All patients received the same adjuvant chemotherapy consisting of alternating regimens of cyclophosphamide 600 mg/m2, epirubicin 60 mg/m2, and 5-fluorouracil 600 mg/m2 (CEF) and cyclophosphamide 600 mg/m2, methotrexate 40 mg/m2, 5-fluorouracil 600 mg/m2 (CMF) every 21 days for a total of 12 cycles. The first chemotherapy cycle was started within 30 days after surgery (12). Patients who had been enrolled in our perioperative chemotherapy trial were also included in the study, as planned by the original protocol (Supplementary Methods, available online). Therefore, they had been randomly assigned to receive their first postoperative chemotherapy cycle within 3 days after surgery (12). The hormone therapy consisted of tamoxifen at 20 mg/d orally for 5 years, administered concurrently with chemotherapy in the concurrent arm and 30 days after the last chemotherapy cycle in the sequential arm.

Although the original protocol scheduled reduction of dose according to toxicity grades, no drug modifications were performed, but a treatment delay of up to 2 weeks was permitted before each cycle to allow for recovery when patients had fewer than 3000 leucocytes per microliter and/or 100 000 platelets per microliter, according to clinical practice in our institutions at that time. Radiation therapy limited to the breast began 1 month after the last chemotherapy cycle and was planned only for patients who underwent conservative surgery.


Initial staging consisted of a medical history, physical examinations, complete blood counts, and blood chemistry analysis. A bone scan, chest x-ray, liver ultrasonography, electrocardiography, and mammography were also required before random assignment.

During the first 5 years of follow-up, physical examination, complete blood counts, and blood chemistry analysis were repeated every 3 months. A bone scan, chest x-ray, liver ultrasound, and mammography were repeated every 12 months during the first 5 years of follow-up. Thereafter, patients were annually examined with mammography, complete blood counts, and any procedure as circumstances required. Patients were asked to report any change in their health. The vital status of any patient failing to present for examination was investigated by telephoning or consulting the municipal office.

Statistical Methods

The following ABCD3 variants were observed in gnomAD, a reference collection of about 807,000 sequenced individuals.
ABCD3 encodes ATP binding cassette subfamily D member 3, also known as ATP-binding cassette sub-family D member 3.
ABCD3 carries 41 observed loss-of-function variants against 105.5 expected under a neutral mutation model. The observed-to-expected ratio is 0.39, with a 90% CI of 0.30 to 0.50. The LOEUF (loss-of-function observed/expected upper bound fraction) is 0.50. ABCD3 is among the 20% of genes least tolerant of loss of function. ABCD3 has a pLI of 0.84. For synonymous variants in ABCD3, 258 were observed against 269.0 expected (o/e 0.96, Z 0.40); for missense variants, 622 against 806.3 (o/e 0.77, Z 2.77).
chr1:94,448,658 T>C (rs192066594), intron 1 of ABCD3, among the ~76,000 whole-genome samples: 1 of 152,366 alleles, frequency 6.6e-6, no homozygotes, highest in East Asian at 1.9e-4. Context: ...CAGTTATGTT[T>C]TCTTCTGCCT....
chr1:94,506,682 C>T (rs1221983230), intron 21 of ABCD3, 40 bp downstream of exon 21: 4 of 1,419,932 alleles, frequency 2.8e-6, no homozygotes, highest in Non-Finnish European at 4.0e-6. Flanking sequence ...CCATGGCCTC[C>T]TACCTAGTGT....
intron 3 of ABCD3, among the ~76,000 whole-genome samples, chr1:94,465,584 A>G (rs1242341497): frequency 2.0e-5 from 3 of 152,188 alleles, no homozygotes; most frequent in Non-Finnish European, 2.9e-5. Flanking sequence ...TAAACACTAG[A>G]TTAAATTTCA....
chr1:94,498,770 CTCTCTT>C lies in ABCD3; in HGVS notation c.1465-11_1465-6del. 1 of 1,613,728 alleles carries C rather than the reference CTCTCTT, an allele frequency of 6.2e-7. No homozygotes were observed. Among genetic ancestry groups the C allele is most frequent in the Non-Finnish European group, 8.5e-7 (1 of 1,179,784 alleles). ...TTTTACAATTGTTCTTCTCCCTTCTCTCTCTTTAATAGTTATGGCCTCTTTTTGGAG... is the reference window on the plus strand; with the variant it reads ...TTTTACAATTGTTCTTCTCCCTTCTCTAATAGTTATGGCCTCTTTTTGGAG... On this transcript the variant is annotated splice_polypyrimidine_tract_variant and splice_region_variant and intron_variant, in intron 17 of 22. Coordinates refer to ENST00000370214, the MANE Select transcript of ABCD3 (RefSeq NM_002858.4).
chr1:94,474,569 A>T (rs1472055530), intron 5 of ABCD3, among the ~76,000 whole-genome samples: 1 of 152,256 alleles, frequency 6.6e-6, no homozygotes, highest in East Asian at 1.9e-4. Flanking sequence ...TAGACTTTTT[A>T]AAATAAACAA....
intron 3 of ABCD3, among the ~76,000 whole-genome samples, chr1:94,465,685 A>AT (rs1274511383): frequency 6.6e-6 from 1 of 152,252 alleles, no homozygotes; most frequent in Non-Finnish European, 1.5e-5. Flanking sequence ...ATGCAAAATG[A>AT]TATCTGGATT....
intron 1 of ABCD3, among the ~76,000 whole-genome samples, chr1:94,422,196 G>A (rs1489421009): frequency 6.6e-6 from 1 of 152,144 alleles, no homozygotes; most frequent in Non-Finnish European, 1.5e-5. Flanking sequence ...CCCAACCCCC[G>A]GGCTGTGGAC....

All randomly assigned subjects were included in the analyses according to the intention-to-treat principle. OS was computed from the date of random assignment to the date of death or censored at the date of last information on survival status. DFS was estimated from the date of random assignment to the date of event occurrence. OS and DFS curves were obtained from the Kaplan–Meyer product-limit estimator (13). The primary comparison between the two study arms was performed with the log-rank test (14). To assess the presence of a statistically significant effect on treatment efficacy of several factors that have been indicated as prognostic and/or effect modifiers of adjuvant treatment, two multivariable Cox proportional hazards models were fitted to the data; one for OS and one for DFS (15). The graphical representation of log {log[S(t)]} against log t, where S(t) is the cumulative survival in each stratum at time t and t is the follow-up time, was used to confirm the assumption of proportionality. The subgroup analysis for tumor size, lymph node status, age, menopausal status, and hormone receptor status was planned in the original protocol. The following covariates were included in each model: treatment arm (concurrent vs sequential); tumor size (pT1 vs ≥pT2); number of involved nodes (≤3 vs 4–9, vs ≥10); menopausal status (pre- vs postmenopausal); age (≤50 vs >50); positive hormone receptor status (estrogen receptor positive and/or progesterone receptor positive) vs negative hormone receptor status (combined estrogen receptor negative and progesterone receptor negative) vs unknown status. To evaluate the presence of heterogeneity in the efficacy of sequential vs concurrent therapy across strata of the prognostic factors, the appropriate treatment by covariate interaction terms were included in the model one at a time, which is considered appropriate for subgroup analyses (16). The statistical significance of each interaction term (test for interaction) was obtained by means of a step-down procedure based on the likelihood ratio test, starting from the full model, with the five main effects, and the interaction term. No correction for the multiple significance test was included, and a relaxed (P = .10) significance level was used to retain variables in the multivariable model (15). As a consequence, these analyses must be considered exploratory, and in their interpretation, the correction for the number of tests (n = 10) must be accounted for. Using a classical Bonferroni correction, the critical P value required to declare statistical significance with α = .05 is P = .005. All statistical tests were two-sided. The results of subgroup analyses were graphically summarized using Forest plots (16). SPSS software (Version 15.0 for Windows, Chicago, IL) was used for all statistical analysis.